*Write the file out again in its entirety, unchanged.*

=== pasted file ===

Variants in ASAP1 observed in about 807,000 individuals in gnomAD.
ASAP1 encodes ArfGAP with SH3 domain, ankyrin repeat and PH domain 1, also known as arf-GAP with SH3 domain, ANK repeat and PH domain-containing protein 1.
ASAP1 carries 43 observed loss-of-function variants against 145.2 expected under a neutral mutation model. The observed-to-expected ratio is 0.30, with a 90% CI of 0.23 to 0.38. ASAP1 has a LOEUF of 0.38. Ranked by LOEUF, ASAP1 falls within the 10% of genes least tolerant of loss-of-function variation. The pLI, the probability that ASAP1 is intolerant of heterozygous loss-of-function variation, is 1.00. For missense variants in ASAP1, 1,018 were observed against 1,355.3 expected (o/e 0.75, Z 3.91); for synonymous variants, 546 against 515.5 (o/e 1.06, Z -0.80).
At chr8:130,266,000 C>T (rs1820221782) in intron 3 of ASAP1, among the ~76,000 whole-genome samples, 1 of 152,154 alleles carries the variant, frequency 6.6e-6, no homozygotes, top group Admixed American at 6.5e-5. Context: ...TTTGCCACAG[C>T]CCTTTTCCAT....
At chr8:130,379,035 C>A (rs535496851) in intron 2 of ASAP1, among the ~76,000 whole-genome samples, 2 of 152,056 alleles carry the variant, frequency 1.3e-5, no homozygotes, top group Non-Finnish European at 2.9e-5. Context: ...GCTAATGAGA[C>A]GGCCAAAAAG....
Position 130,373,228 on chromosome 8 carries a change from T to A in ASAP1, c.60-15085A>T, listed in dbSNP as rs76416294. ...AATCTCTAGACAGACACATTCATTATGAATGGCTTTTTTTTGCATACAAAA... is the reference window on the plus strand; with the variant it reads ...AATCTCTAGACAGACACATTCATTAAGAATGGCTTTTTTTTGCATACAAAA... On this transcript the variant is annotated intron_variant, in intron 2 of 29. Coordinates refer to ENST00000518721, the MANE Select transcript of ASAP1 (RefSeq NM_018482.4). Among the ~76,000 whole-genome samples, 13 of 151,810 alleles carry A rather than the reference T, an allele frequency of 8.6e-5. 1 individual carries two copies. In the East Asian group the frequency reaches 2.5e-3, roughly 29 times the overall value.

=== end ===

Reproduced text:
Variants in ASAP1 observed in about 807,000 individuals in gnomAD.
ASAP1 encodes ArfGAP with SH3 domain, ankyrin repeat and PH domain 1, also known as arf-GAP with SH3 domain, ANK repeat and PH domain-containing protein 1.
ASAP1 carries 43 observed loss-of-function variants against 145.2 expected under a neutral mutation model. The observed-to-expected ratio is 0.30, with a 90% CI of 0.23 to 0.38. ASAP1 has a LOEUF of 0.38. Ranked by LOEUF, ASAP1 falls within the 10% of genes least tolerant of loss-of-function variation. The pLI, the probability that ASAP1 is intolerant of heterozygous loss-of-function variation, is 1.00. For missense variants in ASAP1, 1,018 were observed against 1,355.3 expected (o/e 0.75, Z 3.91); for synonymous variants, 546 against 515.5 (o/e 1.06, Z -0.80).
At chr8:130,266,000 C>T (rs1820221782) in intron 3 of ASAP1, among the ~76,000 whole-genome samples, 1 of 152,154 alleles carries the variant, frequency 6.6e-6, no homozygotes, top group Admixed American at 6.5e-5. Context: ...TTTGCCACAG[C>T]CCTTTTCCAT....
At chr8:130,379,035 C>A (rs535496851) in intron 2 of ASAP1, among the ~76,000 whole-genome samples, 2 of 152,056 alleles carry the variant, frequency 1.3e-5, no homozygotes, top group Non-Finnish European at 2.9e-5. Context: ...GCTAATGAGA[C>A]GGCCAAAAAG....
Position 130,373,228 on chromosome 8 carries a change from T to A in ASAP1, c.60-15085A>T, listed in dbSNP as rs76416294. ...AATCTCTAGACAGACACATTCATTATGAATGGCTTTTTTTTGCATACAAAA... is the reference window on the plus strand; with the variant it reads ...AATCTCTAGACAGACACATTCATTAAGAATGGCTTTTTTTTGCATACAAAA... On this transcript the variant is annotated intron_variant, in intron 2 of 29. Coordinates refer to ENST00000518721, the MANE Select transcript of ASAP1 (RefSeq NM_018482.4). Among the ~76,000 whole-genome samples, 13 of 151,810 alleles carry A rather than the reference T, an allele frequency of 8.6e-5. 1 individual carries two copies. In the East Asian group the frequency reaches 2.5e-3, roughly 29 times the overall value.